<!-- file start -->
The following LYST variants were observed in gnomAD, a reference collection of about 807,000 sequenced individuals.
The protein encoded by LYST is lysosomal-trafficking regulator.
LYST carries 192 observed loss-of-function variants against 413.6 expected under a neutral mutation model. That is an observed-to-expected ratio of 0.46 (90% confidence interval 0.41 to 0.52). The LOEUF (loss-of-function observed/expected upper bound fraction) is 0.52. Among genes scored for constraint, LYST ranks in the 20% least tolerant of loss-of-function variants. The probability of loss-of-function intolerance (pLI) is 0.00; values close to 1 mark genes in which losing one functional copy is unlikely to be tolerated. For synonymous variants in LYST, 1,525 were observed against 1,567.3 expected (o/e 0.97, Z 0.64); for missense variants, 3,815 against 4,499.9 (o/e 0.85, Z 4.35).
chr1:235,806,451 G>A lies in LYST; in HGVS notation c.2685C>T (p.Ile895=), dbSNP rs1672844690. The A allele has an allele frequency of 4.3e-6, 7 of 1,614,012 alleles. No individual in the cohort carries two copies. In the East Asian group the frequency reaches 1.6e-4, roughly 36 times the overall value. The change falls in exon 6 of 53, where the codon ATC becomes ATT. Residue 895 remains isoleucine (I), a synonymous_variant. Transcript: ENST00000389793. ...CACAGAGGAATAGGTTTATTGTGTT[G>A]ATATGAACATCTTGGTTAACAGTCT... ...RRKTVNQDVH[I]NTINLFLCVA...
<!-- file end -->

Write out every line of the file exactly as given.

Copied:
The following LYST variants were observed in gnomAD, a reference collection of about 807,000 sequenced individuals.
The protein encoded by LYST is lysosomal-trafficking regulator.
LYST carries 192 observed loss-of-function variants against 413.6 expected under a neutral mutation model. That is an observed-to-expected ratio of 0.46 (90% confidence interval 0.41 to 0.52). The LOEUF (loss-of-function observed/expected upper bound fraction) is 0.52. Among genes scored for constraint, LYST ranks in the 20% least tolerant of loss-of-function variants. The probability of loss-of-function intolerance (pLI) is 0.00; values close to 1 mark genes in which losing one functional copy is unlikely to be tolerated. For synonymous variants in LYST, 1,525 were observed against 1,567.3 expected (o/e 0.97, Z 0.64); for missense variants, 3,815 against 4,499.9 (o/e 0.85, Z 4.35).
chr1:235,806,451 G>A lies in LYST; in HGVS notation c.2685C>T (p.Ile895=), dbSNP rs1672844690. The A allele has an allele frequency of 4.3e-6, 7 of 1,614,012 alleles. No individual in the cohort carries two copies. In the East Asian group the frequency reaches 1.6e-4, roughly 36 times the overall value. The change falls in exon 6 of 53, where the codon ATC becomes ATT. Residue 895 remains isoleucine (I), a synonymous_variant. Transcript: ENST00000389793. ...CACAGAGGAATAGGTTTATTGTGTT[G>A]ATATGAACATCTTGGTTAACAGTCT... ...RRKTVNQDVH[I]NTINLFLCVA...